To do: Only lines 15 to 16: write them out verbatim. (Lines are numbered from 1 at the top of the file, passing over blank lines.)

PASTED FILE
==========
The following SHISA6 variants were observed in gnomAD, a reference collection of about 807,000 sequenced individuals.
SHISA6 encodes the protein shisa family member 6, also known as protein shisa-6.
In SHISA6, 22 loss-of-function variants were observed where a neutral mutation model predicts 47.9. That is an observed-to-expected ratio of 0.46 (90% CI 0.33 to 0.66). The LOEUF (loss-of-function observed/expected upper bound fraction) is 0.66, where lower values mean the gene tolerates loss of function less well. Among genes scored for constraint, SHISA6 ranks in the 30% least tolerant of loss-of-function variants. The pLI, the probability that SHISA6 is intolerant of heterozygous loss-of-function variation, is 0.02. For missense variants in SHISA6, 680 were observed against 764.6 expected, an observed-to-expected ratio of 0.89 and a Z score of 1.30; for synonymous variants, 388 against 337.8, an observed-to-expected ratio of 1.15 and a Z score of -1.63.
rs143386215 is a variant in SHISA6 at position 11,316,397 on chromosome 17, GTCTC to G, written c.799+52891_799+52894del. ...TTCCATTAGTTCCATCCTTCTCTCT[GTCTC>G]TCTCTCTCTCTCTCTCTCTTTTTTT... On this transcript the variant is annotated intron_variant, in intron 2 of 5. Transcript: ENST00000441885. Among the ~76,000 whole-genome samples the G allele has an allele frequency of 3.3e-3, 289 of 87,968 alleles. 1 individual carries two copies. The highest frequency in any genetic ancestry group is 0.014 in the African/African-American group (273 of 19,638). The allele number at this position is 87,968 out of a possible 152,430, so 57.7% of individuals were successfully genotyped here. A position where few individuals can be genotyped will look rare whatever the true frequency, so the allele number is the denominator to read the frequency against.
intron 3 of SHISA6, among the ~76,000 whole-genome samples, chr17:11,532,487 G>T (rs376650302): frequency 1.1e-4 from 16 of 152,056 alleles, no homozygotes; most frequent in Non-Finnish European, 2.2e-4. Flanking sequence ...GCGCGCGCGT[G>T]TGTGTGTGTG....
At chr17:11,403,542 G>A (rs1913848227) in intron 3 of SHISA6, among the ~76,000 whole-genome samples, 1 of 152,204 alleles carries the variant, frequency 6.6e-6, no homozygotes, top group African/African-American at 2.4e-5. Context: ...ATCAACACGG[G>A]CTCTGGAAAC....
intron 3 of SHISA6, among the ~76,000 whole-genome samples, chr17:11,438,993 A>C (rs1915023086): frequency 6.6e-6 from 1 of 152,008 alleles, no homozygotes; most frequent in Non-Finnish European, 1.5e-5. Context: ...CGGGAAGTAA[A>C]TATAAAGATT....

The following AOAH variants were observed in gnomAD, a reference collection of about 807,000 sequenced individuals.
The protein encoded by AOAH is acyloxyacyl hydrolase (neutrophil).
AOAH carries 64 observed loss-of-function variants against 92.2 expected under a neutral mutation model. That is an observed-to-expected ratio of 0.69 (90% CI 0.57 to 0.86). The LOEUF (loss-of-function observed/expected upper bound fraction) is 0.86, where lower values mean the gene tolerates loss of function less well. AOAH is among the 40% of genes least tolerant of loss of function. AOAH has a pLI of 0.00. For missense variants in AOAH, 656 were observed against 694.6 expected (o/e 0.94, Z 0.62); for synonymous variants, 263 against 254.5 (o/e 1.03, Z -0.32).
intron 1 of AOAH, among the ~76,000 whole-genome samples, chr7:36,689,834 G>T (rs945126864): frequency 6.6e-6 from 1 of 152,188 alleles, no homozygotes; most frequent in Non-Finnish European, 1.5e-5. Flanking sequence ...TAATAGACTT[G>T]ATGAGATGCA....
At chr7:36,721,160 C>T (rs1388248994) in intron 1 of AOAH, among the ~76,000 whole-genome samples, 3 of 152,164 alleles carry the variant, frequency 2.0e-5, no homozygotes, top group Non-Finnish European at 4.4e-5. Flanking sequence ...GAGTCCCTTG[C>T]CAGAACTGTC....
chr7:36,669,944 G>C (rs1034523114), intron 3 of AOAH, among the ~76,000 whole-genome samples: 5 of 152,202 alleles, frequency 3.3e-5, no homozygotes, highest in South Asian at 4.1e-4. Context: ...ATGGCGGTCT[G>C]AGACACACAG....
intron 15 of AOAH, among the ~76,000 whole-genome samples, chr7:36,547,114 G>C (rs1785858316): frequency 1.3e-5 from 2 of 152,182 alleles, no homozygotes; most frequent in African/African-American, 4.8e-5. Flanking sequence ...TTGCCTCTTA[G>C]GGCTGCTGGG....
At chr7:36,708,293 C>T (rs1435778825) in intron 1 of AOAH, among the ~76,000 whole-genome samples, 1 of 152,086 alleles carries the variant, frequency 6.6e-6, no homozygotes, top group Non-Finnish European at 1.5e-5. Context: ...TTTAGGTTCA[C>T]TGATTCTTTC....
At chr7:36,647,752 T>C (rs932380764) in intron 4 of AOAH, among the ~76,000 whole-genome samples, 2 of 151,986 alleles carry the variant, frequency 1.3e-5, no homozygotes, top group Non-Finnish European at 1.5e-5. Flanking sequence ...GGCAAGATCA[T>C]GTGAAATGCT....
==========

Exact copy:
At chr7:36,708,293 C>T (rs1435778825) in intron 1 of AOAH, among the ~76,000 whole-genome samples, 1 of 152,086 alleles carries the variant, frequency 6.6e-6, no homozygotes, top group Non-Finnish European at 1.5e-5. Context: ...TTTAGGTTCA[C>T]TGATTCTTTC....
At chr7:36,647,752 T>C (rs932380764) in intron 4 of AOAH, among the ~76,000 whole-genome samples, 2 of 151,986 alleles carry the variant, frequency 1.3e-5, no homozygotes, top group Non-Finnish European at 1.5e-5. Flanking sequence ...GGCAAGATCA[T>C]GTGAAATGCT....